In the mating season, which lasts about two weeks, the males choose a place for future mating, mark the territory with the help of secretions from pores in the lower part of the limbs, and become aggressive towards rivals nearby. In the wild, direct collisions between them are quite rare, in the event of a threat, the weaker lizard in the event of a conflict prefers to leave someone else's territory rather than enter into battle.

If the possibility of escape is limited (in particular, when kept in captivity), then animals can bite each other. The male’s demonstrative behavior is frequent shaking of the head, inflating of the throat sac and changing the color of the body to brighter, more saturated.For the species, a combination of polygyny with polyandry is typical, that is, often one male takes care of several females at the same time, and the female cohabits with several males. During courtship, males sniff and slightly bite females by the neck.

Pregnancy lasts about 65 days, at the end of which the females leave their traditional habitats along the banks of the rivers, and along the channels of the streams flowing into them, go upstream to dry sandbanks and dunes. A hole is dug in the sand from a depth of 45 cm to 1 m, where the female lays a large number, 20 to 71, of eggs for three or more days.

Eggs are white, 35–40 mm long, about 15.4 mm in diameter, with a leathery and soft, but durable shell. In the event of a shortage of suitable places in one pit, several lizards can take advantage at the same time. In Panama, cases of the sharing of one pit by an iguana and an American crocodile are known, and in Honduras, an iguana and a crocodile caiman (Caiman crocodilus). Having laid eggs, the lizard carefully digs a hole and leaves the place, no longer caring for the offspring.

Incubation lasts from 90 to 120 days at an ambient temperature of 30-32 ° C. Cubs are usually born in May, breaking through the shell with the help of a special fleshy outgrowth on the forehead - caruncles, and getting out to the surface of the earth. By their color and shape, they almost do not differ from adults, but they have only a weakly pronounced crest.

Young lizards are completely independent, although when they are born they can carry a small yolk sac containing the nutrient mixture for the first one to two weeks. The brood holds together for the first year of life. In the group, males cover females with their bodies from predators - a feature noted only in this species among all other reptiles.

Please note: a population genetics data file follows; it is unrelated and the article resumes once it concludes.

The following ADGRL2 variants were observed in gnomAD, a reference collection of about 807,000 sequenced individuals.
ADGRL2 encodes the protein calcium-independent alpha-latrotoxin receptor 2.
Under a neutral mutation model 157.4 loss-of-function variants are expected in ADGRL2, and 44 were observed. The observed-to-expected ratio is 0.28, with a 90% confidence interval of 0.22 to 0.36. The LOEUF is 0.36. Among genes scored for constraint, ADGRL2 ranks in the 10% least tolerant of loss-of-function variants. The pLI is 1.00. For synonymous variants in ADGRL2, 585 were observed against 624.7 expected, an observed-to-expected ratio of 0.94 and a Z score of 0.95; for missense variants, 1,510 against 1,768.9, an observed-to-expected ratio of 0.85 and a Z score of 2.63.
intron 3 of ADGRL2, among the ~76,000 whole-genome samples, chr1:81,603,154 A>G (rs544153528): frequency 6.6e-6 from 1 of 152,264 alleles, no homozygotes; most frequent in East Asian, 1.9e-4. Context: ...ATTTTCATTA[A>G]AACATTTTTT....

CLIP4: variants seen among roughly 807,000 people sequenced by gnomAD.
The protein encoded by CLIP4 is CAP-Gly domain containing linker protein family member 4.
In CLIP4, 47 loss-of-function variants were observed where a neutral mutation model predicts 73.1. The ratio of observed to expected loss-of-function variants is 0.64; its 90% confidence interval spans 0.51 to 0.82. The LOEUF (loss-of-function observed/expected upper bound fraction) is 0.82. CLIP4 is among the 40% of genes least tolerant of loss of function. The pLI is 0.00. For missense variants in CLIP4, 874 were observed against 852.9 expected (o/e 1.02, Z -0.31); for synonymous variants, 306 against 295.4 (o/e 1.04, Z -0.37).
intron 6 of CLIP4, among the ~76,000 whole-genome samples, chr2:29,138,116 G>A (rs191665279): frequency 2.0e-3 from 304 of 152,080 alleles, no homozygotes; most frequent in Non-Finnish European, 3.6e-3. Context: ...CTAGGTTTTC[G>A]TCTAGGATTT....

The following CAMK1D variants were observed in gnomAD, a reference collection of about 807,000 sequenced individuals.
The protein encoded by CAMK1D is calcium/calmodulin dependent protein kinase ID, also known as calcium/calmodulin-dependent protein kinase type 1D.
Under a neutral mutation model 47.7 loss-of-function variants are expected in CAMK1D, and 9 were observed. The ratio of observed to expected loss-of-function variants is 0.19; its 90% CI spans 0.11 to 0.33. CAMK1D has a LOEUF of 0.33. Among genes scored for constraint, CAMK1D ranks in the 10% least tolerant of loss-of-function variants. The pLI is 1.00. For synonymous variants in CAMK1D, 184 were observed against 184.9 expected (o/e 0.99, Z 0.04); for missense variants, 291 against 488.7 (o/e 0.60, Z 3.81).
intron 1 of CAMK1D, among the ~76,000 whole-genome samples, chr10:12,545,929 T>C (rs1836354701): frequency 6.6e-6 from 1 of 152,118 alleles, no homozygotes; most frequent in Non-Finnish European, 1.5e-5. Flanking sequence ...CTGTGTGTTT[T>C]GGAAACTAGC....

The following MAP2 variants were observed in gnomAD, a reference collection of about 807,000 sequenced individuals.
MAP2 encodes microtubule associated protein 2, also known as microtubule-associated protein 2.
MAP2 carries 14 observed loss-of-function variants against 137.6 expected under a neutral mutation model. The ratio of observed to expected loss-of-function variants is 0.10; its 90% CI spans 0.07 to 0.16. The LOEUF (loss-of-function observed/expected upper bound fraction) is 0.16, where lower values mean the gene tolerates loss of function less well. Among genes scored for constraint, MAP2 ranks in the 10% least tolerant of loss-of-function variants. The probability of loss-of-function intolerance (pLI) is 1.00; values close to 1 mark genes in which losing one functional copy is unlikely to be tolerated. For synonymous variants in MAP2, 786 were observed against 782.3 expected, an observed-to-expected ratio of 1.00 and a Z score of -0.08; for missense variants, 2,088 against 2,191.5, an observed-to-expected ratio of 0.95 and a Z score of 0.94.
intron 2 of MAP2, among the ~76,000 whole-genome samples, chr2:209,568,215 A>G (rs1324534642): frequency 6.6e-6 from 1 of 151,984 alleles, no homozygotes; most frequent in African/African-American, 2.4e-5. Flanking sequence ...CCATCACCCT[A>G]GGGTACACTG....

In the wild, iguanas live on average about 8 years. In captivity, with proper care, the green iguana can live for more than 20 years.

Unlike most other species of the family, green iguanas are exclusively herbivorous, eating about 100 species of tropical plants, leaves, shoots, flowers and fruits. So, in Panama, one of the favorite delicacies of the lizard is the Jamaican plum (Spondias mombin).

Other types of woody vegetation, the iguanas most often feed on greens and fruits of nature - frankincense (Bursera simaruba), upright tecoma (Tecoma stans), pointed apes (Annona acuminata), panicled amphilophium panicum (Amphilophium paniculatum), merremia ambelella ) and etc.

Young lizards often eat the excrement of adult animals in order to meet their microflora requirements for digesting low-calorie vegetarian foods. Animals are not able to chew food, they only cut large enough pieces with their small teeth and immediately swallow them whole. Occasionally, iguanas drink water, immersing part of their heads in a pond and swallowing it, or lick drops from greenery.

Sometimes in the reference literature there are reports that iguanas in the wild also feed on insects. Another source claims that lizards also eat bird eggs and carrion. However, not a single published academic study confirms that animals absorb proteins of animal origin.

Moreover, all publications say that all the components of a lizard necessary for development are obtained from animal feed only of plant origin, and a protein diet is harmful to their health. Insects and other small invertebrates can actually appear in the stomachs of lizards, however, experts believe that they are swallowed only by chance with plant food: for example, an iguana can swallow an insect sitting on a flower bed, along with a flower.

In addition, a hungry lizard can eat an animal for lack of other food. On the other hand, observations in the Miami Seaquarium and Key Biscayne Island in Florida recorded iguanas eating dead fish. In his book, Philippe De Vozoli asserts that in captivity, without any harm to their health, lizards can eat rodent meat.

In ancient times, the inhabitants of the Mayan civilization believed that the world was located inside a giant house, and four iguanas, which the Indians called itzam, play the role of its walls. Each iguana symbolized a certain side of the world and had its own special color. In the sky, the tails of the iguanas converged, thus forming a roof. This Mayan house was called "itzam-na" (Itzam Na, literally "iguana-house").

In the classical period, in some cities, itzamna was revered as a god, personifying not only the iguana, but everything else. God was so great and comprehensive that he was rarely depicted in the drawings. At the end of the classical period, the use of the image of the iguana as a deity gradually ceased, however, in the 16th century, the Spanish missionary Diego de Landa observed how the Indians sacrificed the green iguana to the gods.

The Indians of the Moche culture, developed in the west of Peru, also worshiped many animals, including the green iguana.

Multiple figures and images of this lizard have been preserved, including at the Larco Museum in Lima. Also one of the most common characters in the figures is a humanoid deity with the head, crest and tail of an iguana. This deity, often in company with another deity in the form of a person with a strongly wrinkled face and round eyes, is one of the key figures in the funeral procession.

Scientific classification

  • Kingdom: Animals
  • Type: Chordates
  • Class: Reptiles
  • Order: Scaly
  • Suborder: Lizards
  • Family: Iguanas
  • Genus: Real Iguanas
  • Species: Common Iguana

Here is some more information about all kinds of dragons: Dragon anatomy and further Belttail (Cordylidae) - a dragon in a hand!